The business press regularly provides readers with articles espousing the virtues of active vs passive investing. And, with the proliferation of exchange traded funds (ETF), retail ‘investors’ are gradually succumbing to the constant bombardment of product advertising and embracing the concept of lower cost, passive investment options. Behind this behaviour change, is the gradual realization that successful investing requires, at least to some degree, a level of INVOLVEMENT. In other words, buy & hold does not necessarily mean ‘buy & die’.

There are countless examples of individuals and investment firms that have outperformed the market indexes by actively investing the TIME and INTEREST required to achieve success.. Don’t believe me? Then read this well-crafted obituary for the legendary active fund manager, Peter Cundill.

The one line that should provide a valuable education to any aspiring investor is the following quotation: “All I really need is a company’s published reports and records; that plus a sharp pencil, a pocket calculator and patience.”

In other words, successful active investors perform two critical actions that lead to the growth of their wealth: one, they take the TIME to analyze their investments with a goal to find a qualified target entry level. Two, they wait patiently until the market provides a buying opportunity and then continue to monitor the investment after purchase. In a nutshell, they create their own luck…the clear message from Charles Rotblut’s new book, Better Good Than Lucky .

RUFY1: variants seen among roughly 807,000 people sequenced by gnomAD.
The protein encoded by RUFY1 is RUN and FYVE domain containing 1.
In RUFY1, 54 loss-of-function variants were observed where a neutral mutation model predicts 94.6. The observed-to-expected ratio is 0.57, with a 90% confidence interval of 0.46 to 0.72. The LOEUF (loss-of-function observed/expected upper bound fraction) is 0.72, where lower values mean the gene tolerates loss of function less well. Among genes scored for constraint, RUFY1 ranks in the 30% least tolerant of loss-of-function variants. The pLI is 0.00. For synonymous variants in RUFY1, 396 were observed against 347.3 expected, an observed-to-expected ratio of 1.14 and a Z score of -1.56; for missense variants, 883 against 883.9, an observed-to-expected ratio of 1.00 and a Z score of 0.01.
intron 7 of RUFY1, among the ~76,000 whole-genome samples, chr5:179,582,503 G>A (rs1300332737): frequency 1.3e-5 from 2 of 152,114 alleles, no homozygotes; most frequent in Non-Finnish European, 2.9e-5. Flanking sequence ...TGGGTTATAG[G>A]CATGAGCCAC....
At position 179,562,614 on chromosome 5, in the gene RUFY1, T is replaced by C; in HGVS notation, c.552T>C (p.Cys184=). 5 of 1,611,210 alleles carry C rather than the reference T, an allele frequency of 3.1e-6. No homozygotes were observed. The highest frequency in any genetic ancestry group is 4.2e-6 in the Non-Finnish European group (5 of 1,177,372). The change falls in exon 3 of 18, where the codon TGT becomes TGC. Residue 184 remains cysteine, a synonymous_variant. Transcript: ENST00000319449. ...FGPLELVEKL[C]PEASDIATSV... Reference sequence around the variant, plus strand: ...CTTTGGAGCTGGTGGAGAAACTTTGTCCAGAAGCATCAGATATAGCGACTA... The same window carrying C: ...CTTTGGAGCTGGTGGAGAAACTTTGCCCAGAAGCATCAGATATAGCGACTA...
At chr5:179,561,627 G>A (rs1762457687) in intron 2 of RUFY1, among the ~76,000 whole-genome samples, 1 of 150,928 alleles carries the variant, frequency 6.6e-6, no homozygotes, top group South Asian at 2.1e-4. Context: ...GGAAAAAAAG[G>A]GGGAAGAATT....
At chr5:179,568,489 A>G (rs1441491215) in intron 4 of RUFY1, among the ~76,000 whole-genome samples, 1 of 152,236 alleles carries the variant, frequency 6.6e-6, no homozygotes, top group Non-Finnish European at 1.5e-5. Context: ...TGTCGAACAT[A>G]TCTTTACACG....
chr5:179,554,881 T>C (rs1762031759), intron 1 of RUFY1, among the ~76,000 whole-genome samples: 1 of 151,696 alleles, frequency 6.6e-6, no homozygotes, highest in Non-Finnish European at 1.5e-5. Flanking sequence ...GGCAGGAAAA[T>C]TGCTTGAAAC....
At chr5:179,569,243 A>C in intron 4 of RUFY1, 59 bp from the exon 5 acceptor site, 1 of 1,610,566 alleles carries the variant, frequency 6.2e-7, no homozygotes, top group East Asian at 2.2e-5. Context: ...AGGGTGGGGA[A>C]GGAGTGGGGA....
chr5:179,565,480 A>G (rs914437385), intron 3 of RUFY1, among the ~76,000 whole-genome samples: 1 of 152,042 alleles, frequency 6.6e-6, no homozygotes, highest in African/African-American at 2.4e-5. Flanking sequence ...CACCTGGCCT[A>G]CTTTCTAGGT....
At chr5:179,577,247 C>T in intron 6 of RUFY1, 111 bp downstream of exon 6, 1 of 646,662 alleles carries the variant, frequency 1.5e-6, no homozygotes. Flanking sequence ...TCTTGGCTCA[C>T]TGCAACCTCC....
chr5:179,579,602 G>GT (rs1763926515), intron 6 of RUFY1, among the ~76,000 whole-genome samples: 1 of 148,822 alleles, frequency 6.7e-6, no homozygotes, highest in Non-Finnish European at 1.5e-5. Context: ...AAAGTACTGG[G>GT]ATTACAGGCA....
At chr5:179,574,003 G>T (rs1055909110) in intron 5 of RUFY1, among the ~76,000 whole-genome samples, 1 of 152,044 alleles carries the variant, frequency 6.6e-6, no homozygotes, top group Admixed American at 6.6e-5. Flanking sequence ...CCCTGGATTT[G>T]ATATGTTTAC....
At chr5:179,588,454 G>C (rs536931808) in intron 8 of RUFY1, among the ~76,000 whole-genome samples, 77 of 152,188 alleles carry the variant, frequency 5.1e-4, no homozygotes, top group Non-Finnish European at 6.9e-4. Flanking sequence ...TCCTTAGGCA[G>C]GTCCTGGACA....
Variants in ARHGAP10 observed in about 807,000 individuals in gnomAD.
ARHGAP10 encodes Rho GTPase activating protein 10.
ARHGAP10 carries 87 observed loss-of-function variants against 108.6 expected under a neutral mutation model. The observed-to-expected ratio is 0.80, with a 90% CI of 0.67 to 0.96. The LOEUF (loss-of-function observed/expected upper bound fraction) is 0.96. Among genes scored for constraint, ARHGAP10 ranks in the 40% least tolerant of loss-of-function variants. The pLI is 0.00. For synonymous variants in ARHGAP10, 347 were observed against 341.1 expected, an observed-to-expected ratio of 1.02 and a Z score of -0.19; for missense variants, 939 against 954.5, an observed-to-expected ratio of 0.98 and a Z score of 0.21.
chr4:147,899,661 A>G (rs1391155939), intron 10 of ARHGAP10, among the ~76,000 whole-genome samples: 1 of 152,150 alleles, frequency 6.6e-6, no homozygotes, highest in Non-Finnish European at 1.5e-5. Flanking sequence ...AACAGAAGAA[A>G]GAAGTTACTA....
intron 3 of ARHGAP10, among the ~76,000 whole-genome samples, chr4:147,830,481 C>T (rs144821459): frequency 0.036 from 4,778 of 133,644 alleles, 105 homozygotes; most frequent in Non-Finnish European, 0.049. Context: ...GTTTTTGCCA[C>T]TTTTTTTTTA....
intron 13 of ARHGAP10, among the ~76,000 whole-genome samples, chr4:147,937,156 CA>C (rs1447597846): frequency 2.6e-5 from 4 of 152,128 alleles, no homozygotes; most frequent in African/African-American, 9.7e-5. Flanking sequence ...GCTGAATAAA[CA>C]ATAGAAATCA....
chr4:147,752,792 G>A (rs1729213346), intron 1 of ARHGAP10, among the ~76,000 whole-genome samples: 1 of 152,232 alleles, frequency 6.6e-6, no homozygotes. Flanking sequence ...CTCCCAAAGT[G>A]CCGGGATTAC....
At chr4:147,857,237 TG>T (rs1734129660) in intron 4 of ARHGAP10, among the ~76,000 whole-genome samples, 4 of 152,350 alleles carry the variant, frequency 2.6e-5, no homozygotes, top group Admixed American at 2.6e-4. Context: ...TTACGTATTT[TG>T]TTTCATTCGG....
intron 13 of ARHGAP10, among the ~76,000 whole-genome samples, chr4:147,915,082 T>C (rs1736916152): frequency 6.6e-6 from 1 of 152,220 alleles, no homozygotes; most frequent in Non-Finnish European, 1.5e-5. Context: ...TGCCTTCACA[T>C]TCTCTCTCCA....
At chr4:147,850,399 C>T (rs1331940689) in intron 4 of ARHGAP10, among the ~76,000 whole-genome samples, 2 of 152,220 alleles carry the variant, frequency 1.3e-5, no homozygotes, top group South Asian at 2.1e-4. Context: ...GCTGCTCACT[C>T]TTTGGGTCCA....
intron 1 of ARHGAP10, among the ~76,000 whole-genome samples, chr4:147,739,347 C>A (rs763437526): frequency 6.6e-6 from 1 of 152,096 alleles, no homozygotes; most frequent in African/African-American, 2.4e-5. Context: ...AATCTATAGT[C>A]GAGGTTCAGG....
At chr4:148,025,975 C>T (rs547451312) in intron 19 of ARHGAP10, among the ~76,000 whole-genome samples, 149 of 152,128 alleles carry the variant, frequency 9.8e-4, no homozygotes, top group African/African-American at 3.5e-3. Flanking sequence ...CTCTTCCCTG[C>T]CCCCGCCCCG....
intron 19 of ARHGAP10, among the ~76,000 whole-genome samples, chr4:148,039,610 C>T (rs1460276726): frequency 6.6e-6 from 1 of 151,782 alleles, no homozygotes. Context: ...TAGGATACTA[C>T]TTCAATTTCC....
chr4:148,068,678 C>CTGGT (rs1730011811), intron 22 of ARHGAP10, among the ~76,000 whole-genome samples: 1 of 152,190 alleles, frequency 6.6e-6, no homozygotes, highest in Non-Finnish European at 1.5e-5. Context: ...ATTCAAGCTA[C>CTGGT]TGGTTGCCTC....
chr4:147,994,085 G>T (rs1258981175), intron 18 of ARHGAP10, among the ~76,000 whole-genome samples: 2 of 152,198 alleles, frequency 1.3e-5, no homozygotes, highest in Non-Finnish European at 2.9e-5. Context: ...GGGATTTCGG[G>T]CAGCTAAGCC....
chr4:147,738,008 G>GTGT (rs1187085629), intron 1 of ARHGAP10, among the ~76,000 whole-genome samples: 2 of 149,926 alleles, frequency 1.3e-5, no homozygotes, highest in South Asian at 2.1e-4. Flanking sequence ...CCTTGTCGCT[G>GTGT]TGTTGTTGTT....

Rotblut, a chartered financial analyst, aims to provide the lay-investor with a succinct, easy-to-read reference tool that attempts to provide a process for evaluating investments in the fewest number of pages. Is it a ground breaking book, covering uncharted territory? Not at all. However, the author knows that many existing investment texts are simply intimidating to the novice investor due to their content, complexity and length. His aim is to provide an analysis process in less than 200 pages, with his Risk-Reward Scorecard (RRS) serving as a culmination of all the lessons. Quite simply, with RRS the goal is to measure the likelihood of a change in price in either direction. True investing provides room for error.

The book is clearly aimed at the retail investor who has limited time and knowledge but wants to become INVOLVED with the investing process. Yes, Rotblut does hold a spot for the use of ETF’s and the benefits of some passive investments. But his focus is clearly on individual equities as part of a diversified portfolio. Like the investment gurus of past and present (ie: Graham, Buffett), the author chooses to ignore the ever-present market noise (which gets louder by the day) and focus specifically on the valuation of a company. And, as we are told time and time again, he also reminds us NOT to become involved with any business we do not understand (recall that Warren Buffett sat out the dot-com bubble because he couldn’t understand the companies…not to mention the behaviour of the herds).

Like many other authors, Rotblut emphasizes that every purchase eventually leads to a sale. And part of his message, is to identify a target selling price along with the conditions leading to a sale. In other words, successful investors have a PLAN ! And that plan is driven by what he calls an investment philosophy.